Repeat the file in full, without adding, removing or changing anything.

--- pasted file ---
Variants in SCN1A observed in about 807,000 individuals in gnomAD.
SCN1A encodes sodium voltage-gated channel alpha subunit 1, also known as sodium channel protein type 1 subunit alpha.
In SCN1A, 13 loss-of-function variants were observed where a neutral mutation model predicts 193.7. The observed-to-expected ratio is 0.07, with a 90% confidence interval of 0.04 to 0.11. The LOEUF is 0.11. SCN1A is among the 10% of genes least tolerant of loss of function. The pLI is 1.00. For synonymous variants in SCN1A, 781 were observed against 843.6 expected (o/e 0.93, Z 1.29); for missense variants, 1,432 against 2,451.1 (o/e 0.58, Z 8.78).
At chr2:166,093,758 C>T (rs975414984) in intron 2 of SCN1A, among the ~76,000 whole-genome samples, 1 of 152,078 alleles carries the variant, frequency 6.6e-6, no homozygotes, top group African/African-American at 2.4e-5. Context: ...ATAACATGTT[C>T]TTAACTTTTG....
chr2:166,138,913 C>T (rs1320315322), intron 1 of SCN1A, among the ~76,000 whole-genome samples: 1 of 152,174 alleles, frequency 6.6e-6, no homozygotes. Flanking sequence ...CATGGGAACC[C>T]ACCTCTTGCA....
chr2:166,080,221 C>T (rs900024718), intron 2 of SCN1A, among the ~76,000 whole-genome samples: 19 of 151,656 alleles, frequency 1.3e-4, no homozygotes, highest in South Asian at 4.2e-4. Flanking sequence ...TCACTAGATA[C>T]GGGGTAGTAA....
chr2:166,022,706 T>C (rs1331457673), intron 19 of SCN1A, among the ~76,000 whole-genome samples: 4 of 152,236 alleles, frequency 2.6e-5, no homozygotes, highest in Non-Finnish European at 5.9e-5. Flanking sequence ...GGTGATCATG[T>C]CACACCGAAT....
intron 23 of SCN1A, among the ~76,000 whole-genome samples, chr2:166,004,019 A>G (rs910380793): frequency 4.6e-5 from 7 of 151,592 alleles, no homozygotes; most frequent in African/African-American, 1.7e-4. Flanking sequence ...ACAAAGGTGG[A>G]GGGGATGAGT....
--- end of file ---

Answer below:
Variants in SCN1A observed in about 807,000 individuals in gnomAD.
SCN1A encodes sodium voltage-gated channel alpha subunit 1, also known as sodium channel protein type 1 subunit alpha.
In SCN1A, 13 loss-of-function variants were observed where a neutral mutation model predicts 193.7. The observed-to-expected ratio is 0.07, with a 90% confidence interval of 0.04 to 0.11. The LOEUF is 0.11. SCN1A is among the 10% of genes least tolerant of loss of function. The pLI is 1.00. For synonymous variants in SCN1A, 781 were observed against 843.6 expected (o/e 0.93, Z 1.29); for missense variants, 1,432 against 2,451.1 (o/e 0.58, Z 8.78).
At chr2:166,093,758 C>T (rs975414984) in intron 2 of SCN1A, among the ~76,000 whole-genome samples, 1 of 152,078 alleles carries the variant, frequency 6.6e-6, no homozygotes, top group African/African-American at 2.4e-5. Context: ...ATAACATGTT[C>T]TTAACTTTTG....
chr2:166,138,913 C>T (rs1320315322), intron 1 of SCN1A, among the ~76,000 whole-genome samples: 1 of 152,174 alleles, frequency 6.6e-6, no homozygotes. Flanking sequence ...CATGGGAACC[C>T]ACCTCTTGCA....
chr2:166,080,221 C>T (rs900024718), intron 2 of SCN1A, among the ~76,000 whole-genome samples: 19 of 151,656 alleles, frequency 1.3e-4, no homozygotes, highest in South Asian at 4.2e-4. Flanking sequence ...TCACTAGATA[C>T]GGGGTAGTAA....
chr2:166,022,706 T>C (rs1331457673), intron 19 of SCN1A, among the ~76,000 whole-genome samples: 4 of 152,236 alleles, frequency 2.6e-5, no homozygotes, highest in Non-Finnish European at 5.9e-5. Flanking sequence ...GGTGATCATG[T>C]CACACCGAAT....
intron 23 of SCN1A, among the ~76,000 whole-genome samples, chr2:166,004,019 A>G (rs910380793): frequency 4.6e-5 from 7 of 151,592 alleles, no homozygotes; most frequent in African/African-American, 1.7e-4. Flanking sequence ...ACAAAGGTGG[A>G]GGGGATGAGT....